I've done that (just summing all the listed proper divisors and checking $\displaystyle \sum divisors=2^{n-1}p$).Euclid’s theorem aboutperfectnumbers*depends on the prime divisor property, which will be proved in the next exercise.

Assuming this for the moment, it follows that if $\displaystyle 2^n-1$ is aprime$\displaystyle p$,

then the proper divisors of $\displaystyle 2^{n-1}p$ are $\displaystyle 1,2,2^2,...,2^{n-1}$ and $\displaystyle p,2p,2^2p...,2^{n-2}p$.

Given that the divisors of$\displaystyle 2^{n-1}p$are those just listed, show that$\displaystyle 2^{n-1}p$is$\displaystyle p=2^n-1$perfectwhenisprime.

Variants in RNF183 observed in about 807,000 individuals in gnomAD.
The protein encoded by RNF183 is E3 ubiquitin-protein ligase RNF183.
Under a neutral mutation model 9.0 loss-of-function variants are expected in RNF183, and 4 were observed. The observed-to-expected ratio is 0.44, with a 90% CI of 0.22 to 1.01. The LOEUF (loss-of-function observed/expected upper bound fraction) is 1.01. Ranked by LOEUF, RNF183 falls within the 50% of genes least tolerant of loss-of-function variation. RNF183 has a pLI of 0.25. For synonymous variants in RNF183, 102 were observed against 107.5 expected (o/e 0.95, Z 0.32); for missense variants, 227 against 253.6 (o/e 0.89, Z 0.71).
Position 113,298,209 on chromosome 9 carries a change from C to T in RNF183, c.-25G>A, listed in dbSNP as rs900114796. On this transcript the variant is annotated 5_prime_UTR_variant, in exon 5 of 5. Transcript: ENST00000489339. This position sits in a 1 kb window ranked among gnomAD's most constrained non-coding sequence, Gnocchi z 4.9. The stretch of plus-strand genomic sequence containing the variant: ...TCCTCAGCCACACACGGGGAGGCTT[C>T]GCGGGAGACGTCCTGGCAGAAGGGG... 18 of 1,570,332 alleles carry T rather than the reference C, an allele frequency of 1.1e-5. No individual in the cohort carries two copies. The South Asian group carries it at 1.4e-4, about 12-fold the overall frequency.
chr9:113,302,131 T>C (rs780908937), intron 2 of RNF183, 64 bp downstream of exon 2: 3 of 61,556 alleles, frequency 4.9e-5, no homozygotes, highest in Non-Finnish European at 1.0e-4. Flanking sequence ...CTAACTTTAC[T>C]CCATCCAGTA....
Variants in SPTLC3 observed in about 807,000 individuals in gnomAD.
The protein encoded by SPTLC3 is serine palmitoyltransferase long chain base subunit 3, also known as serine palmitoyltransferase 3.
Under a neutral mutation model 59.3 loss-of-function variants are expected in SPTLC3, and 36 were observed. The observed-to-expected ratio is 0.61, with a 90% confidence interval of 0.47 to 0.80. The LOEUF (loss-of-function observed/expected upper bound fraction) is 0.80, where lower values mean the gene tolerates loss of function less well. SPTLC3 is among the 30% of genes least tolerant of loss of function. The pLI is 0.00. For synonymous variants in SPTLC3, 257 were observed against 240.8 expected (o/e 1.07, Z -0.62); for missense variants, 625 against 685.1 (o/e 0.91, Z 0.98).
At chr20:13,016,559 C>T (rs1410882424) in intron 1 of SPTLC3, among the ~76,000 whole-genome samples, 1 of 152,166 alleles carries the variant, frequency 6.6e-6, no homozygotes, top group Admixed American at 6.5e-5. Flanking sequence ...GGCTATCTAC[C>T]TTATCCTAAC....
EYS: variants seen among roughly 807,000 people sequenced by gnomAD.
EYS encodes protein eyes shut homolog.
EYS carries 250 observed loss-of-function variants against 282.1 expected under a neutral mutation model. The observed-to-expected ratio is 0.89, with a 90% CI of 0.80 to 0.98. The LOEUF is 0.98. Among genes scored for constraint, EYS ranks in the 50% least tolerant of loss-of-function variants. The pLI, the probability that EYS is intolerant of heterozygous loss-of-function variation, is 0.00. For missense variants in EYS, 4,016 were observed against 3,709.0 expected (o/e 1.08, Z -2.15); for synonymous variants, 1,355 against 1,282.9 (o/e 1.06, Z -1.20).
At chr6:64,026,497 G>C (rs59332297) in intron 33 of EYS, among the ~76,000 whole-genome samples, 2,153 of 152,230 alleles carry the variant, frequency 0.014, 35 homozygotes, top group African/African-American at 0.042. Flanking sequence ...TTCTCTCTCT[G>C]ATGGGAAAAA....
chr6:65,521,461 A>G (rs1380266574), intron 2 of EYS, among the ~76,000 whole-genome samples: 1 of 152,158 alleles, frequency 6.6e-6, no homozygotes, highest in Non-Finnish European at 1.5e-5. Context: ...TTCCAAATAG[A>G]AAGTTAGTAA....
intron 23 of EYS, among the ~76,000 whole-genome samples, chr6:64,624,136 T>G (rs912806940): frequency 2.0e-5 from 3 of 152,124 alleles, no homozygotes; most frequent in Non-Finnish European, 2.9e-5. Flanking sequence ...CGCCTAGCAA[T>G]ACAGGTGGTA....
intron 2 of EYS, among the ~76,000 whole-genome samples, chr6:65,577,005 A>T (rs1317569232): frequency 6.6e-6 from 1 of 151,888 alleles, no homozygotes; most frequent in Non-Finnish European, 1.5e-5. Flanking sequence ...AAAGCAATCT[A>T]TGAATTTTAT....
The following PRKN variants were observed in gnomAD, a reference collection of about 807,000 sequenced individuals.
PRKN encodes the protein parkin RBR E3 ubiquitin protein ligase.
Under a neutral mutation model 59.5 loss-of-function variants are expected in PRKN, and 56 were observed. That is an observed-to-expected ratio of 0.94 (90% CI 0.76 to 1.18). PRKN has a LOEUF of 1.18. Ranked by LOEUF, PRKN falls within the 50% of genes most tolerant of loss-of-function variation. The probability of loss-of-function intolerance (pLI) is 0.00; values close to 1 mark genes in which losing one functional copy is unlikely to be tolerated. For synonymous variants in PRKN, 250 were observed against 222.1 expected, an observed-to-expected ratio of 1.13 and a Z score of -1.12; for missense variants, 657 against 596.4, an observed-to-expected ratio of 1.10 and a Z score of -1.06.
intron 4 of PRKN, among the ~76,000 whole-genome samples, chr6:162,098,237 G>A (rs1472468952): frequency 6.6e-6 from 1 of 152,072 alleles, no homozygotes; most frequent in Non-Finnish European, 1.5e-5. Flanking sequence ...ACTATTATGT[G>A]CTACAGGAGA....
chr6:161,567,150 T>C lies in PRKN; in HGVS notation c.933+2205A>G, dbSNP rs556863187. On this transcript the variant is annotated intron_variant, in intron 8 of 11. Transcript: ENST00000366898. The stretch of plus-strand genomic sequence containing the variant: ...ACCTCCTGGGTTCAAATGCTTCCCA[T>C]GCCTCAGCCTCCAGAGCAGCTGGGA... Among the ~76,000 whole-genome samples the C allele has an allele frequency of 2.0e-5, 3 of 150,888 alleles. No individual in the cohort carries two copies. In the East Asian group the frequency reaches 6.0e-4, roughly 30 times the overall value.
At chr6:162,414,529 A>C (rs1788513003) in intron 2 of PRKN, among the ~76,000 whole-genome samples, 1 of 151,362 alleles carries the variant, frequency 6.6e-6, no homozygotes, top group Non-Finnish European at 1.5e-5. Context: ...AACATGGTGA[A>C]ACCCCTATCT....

That if $\displaystyle 2^n-1$ is

*prime, then $\displaystyle 2^{n-1}(2^n-1)$ isperfect.

Help with this one.We can now fill the gap in the proof of Euclid’s theorem on perfect numbers*(above exercise), using the prime divisor property.

Use the prime divisor property* to show that the proper divisors of $\displaystyle 2^{n-1}p$, for any odd prime $\displaystyle p$, are $\displaystyle 1,2,2^2,...,2^{n-1}$ and $\displaystyle p,2p,2^2p...,2^{n-2}p$.

*If $\displaystyle p$ is a prime that divides $\displaystyle ab$, then $\displaystyle p$ divides $\displaystyle a$ or $\displaystyle b$.